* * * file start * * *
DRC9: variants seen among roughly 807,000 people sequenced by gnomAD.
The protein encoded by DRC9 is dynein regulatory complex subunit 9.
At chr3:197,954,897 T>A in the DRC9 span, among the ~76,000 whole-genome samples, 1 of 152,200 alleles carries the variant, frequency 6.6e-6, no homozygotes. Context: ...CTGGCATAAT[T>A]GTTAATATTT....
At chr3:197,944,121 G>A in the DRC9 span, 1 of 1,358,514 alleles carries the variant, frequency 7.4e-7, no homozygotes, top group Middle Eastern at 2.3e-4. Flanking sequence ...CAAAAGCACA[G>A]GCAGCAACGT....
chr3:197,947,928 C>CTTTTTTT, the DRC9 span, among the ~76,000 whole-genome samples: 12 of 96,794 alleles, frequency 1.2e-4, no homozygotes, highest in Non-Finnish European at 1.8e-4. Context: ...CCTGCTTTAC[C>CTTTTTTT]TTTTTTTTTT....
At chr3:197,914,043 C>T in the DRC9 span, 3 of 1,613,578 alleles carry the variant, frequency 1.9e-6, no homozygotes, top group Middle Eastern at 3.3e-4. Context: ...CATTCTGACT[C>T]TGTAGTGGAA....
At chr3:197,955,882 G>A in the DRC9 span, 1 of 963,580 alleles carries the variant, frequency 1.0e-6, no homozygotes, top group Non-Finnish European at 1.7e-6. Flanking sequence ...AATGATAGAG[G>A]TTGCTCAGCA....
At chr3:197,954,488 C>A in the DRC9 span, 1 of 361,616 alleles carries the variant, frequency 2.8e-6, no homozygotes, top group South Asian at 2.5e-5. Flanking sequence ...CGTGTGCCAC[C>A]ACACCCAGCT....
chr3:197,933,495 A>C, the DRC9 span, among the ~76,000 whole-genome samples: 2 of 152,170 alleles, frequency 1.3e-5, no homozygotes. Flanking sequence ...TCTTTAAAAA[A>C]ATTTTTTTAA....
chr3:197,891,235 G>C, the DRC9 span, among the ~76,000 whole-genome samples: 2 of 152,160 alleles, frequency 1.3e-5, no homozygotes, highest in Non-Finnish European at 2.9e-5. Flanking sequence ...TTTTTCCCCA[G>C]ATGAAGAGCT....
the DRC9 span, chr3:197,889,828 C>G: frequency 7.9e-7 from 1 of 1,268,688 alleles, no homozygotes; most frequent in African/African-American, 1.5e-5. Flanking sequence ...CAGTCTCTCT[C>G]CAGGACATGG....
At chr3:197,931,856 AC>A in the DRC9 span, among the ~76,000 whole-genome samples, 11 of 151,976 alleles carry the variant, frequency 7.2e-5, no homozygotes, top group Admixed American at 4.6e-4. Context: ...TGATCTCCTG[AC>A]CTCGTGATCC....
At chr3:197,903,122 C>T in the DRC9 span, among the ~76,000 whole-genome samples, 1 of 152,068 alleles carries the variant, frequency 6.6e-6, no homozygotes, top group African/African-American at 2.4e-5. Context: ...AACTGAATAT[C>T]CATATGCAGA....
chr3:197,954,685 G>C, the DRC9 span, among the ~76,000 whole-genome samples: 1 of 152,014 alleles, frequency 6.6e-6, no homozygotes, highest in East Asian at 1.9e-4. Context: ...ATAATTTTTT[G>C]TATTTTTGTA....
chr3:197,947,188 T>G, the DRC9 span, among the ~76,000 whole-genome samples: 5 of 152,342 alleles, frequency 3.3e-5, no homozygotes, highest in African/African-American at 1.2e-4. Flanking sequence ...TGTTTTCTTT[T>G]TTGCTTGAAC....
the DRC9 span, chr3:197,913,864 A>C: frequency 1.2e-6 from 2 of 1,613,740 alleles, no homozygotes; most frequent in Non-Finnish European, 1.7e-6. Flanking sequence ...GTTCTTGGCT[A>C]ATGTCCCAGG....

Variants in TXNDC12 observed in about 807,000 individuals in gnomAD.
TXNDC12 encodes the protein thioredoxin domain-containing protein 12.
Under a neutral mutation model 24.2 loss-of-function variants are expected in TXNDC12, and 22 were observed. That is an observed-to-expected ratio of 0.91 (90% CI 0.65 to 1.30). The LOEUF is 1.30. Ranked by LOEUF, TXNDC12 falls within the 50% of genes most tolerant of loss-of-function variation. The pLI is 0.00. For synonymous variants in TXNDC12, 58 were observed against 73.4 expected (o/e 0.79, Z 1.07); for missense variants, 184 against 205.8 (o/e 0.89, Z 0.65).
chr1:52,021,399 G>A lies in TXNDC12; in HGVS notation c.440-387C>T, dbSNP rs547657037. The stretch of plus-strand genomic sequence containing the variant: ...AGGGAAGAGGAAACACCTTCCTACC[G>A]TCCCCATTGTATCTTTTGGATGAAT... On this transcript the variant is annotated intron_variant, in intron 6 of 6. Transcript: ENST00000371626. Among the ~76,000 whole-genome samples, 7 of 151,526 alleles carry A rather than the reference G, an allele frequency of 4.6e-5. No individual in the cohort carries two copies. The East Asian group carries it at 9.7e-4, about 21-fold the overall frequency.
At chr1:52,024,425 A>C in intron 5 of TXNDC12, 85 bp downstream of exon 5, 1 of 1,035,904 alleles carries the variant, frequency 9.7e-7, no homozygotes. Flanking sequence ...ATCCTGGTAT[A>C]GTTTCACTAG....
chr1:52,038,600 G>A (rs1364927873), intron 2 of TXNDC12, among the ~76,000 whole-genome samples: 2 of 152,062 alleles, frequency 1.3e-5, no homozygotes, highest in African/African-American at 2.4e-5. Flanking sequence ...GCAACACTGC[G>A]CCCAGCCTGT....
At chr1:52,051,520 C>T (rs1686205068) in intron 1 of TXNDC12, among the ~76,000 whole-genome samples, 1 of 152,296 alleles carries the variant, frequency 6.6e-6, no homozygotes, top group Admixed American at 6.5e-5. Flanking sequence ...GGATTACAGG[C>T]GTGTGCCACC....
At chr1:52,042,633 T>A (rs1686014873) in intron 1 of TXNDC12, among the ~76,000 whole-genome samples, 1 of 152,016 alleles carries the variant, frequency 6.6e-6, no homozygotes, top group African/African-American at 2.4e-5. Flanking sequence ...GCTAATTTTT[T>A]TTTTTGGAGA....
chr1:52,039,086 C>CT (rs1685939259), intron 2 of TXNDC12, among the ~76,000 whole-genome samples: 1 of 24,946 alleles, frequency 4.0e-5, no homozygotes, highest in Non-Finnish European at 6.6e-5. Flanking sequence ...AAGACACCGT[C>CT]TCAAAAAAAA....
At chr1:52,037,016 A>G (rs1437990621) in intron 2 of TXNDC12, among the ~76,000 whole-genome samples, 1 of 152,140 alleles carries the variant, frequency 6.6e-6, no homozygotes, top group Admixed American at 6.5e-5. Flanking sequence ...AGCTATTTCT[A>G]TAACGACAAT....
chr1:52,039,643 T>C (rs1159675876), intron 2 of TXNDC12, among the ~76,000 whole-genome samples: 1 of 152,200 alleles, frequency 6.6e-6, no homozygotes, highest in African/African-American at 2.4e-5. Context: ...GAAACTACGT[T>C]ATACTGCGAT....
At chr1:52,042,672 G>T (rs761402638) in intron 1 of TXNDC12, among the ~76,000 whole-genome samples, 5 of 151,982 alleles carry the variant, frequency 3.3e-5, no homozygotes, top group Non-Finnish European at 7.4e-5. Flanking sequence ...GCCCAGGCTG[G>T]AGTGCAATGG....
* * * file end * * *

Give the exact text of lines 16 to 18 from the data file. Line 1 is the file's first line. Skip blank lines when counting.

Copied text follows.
the DRC9 span, chr3:197,913,864 A>C: frequency 1.2e-6 from 2 of 1,613,740 alleles, no homozygotes; most frequent in Non-Finnish European, 1.7e-6. Flanking sequence ...GTTCTTGGCT[A>C]ATGTCCCAGG....

Variants in TXNDC12 observed in about 807,000 individuals in gnomAD.
TXNDC12 encodes the protein thioredoxin domain-containing protein 12.